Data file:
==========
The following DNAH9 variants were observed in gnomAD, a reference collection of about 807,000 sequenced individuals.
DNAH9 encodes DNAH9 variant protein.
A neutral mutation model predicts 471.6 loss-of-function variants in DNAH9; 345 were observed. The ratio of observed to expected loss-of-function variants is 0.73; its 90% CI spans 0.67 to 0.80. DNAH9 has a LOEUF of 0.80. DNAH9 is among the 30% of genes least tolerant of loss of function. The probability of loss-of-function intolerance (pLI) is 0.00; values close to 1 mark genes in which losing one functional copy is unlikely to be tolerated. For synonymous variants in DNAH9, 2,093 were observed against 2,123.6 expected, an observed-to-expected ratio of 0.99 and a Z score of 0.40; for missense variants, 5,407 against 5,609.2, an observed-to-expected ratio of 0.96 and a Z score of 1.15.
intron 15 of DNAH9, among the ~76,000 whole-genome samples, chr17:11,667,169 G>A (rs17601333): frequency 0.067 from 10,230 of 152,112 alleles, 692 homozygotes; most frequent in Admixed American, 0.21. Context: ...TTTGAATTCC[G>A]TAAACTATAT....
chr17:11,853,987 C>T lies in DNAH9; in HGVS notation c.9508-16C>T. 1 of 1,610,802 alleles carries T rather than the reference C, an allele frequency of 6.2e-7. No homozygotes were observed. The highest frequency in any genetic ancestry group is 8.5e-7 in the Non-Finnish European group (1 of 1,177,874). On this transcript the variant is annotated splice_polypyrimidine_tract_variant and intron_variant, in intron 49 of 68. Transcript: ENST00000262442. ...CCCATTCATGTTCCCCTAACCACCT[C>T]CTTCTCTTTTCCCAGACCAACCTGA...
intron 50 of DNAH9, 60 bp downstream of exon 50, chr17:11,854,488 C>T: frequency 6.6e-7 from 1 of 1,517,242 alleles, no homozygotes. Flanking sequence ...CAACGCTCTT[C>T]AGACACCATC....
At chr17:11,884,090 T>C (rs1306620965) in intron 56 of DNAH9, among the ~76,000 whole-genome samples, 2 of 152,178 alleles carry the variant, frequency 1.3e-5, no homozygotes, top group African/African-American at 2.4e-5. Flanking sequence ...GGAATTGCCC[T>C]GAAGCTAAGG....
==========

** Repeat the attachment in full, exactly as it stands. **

The following DNAH9 variants were observed in gnomAD, a reference collection of about 807,000 sequenced individuals.
DNAH9 encodes DNAH9 variant protein.
A neutral mutation model predicts 471.6 loss-of-function variants in DNAH9; 345 were observed. The ratio of observed to expected loss-of-function variants is 0.73; its 90% CI spans 0.67 to 0.80. DNAH9 has a LOEUF of 0.80. DNAH9 is among the 30% of genes least tolerant of loss of function. The probability of loss-of-function intolerance (pLI) is 0.00; values close to 1 mark genes in which losing one functional copy is unlikely to be tolerated. For synonymous variants in DNAH9, 2,093 were observed against 2,123.6 expected, an observed-to-expected ratio of 0.99 and a Z score of 0.40; for missense variants, 5,407 against 5,609.2, an observed-to-expected ratio of 0.96 and a Z score of 1.15.
intron 15 of DNAH9, among the ~76,000 whole-genome samples, chr17:11,667,169 G>A (rs17601333): frequency 0.067 from 10,230 of 152,112 alleles, 692 homozygotes; most frequent in Admixed American, 0.21. Context: ...TTTGAATTCC[G>A]TAAACTATAT....
chr17:11,853,987 C>T lies in DNAH9; in HGVS notation c.9508-16C>T. 1 of 1,610,802 alleles carries T rather than the reference C, an allele frequency of 6.2e-7. No homozygotes were observed. The highest frequency in any genetic ancestry group is 8.5e-7 in the Non-Finnish European group (1 of 1,177,874). On this transcript the variant is annotated splice_polypyrimidine_tract_variant and intron_variant, in intron 49 of 68. Transcript: ENST00000262442. ...CCCATTCATGTTCCCCTAACCACCT[C>T]CTTCTCTTTTCCCAGACCAACCTGA...
intron 50 of DNAH9, 60 bp downstream of exon 50, chr17:11,854,488 C>T: frequency 6.6e-7 from 1 of 1,517,242 alleles, no homozygotes. Flanking sequence ...CAACGCTCTT[C>T]AGACACCATC....
At chr17:11,884,090 T>C (rs1306620965) in intron 56 of DNAH9, among the ~76,000 whole-genome samples, 2 of 152,178 alleles carry the variant, frequency 1.3e-5, no homozygotes, top group African/African-American at 2.4e-5. Flanking sequence ...GGAATTGCCC[T>C]GAAGCTAAGG....